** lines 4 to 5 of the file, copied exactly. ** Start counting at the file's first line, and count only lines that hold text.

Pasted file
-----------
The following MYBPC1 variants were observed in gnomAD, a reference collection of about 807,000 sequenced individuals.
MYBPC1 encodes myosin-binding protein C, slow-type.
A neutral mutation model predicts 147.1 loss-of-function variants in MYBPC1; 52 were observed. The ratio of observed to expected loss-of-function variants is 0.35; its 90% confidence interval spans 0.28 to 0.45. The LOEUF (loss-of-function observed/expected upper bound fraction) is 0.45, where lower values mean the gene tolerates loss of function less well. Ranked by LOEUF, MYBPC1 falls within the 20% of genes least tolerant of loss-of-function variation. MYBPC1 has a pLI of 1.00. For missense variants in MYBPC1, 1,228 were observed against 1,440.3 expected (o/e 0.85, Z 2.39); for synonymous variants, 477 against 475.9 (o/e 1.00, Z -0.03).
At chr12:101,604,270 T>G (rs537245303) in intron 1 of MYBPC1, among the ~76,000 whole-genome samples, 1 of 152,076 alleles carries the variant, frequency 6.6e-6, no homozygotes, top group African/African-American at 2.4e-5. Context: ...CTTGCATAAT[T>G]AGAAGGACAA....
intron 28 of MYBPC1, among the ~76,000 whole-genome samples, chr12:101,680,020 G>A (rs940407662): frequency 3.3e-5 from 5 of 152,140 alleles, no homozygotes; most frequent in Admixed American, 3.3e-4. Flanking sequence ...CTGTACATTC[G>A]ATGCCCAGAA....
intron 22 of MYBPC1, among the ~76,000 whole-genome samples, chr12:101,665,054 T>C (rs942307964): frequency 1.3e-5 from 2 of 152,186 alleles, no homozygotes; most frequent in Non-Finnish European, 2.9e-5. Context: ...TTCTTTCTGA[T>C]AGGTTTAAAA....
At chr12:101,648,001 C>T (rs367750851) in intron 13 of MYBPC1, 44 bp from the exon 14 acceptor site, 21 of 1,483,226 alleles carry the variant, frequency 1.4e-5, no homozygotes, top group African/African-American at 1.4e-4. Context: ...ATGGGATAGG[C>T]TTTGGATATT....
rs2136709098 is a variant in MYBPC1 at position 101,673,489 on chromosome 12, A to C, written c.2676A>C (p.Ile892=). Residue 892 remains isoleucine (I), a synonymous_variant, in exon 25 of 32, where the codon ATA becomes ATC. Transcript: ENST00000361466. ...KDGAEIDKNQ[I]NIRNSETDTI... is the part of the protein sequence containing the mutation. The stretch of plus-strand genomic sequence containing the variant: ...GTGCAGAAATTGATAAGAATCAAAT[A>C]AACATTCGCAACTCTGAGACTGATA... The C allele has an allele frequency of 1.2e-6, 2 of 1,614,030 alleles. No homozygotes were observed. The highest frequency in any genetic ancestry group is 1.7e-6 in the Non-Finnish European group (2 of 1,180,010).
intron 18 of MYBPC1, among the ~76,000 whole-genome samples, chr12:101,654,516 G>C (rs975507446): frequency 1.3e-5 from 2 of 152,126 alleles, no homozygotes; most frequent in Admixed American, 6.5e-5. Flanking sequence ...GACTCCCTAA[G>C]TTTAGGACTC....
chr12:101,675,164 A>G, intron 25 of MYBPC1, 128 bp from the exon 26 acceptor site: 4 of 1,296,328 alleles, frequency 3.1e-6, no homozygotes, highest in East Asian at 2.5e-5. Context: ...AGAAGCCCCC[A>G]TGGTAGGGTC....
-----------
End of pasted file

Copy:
At chr12:101,604,270 T>G (rs537245303) in intron 1 of MYBPC1, among the ~76,000 whole-genome samples, 1 of 152,076 alleles carries the variant, frequency 6.6e-6, no homozygotes, top group African/African-American at 2.4e-5. Context: ...CTTGCATAAT[T>G]AGAAGGACAA....
intron 28 of MYBPC1, among the ~76,000 whole-genome samples, chr12:101,680,020 G>A (rs940407662): frequency 3.3e-5 from 5 of 152,140 alleles, no homozygotes; most frequent in Admixed American, 3.3e-4. Flanking sequence ...CTGTACATTC[G>A]ATGCCCAGAA....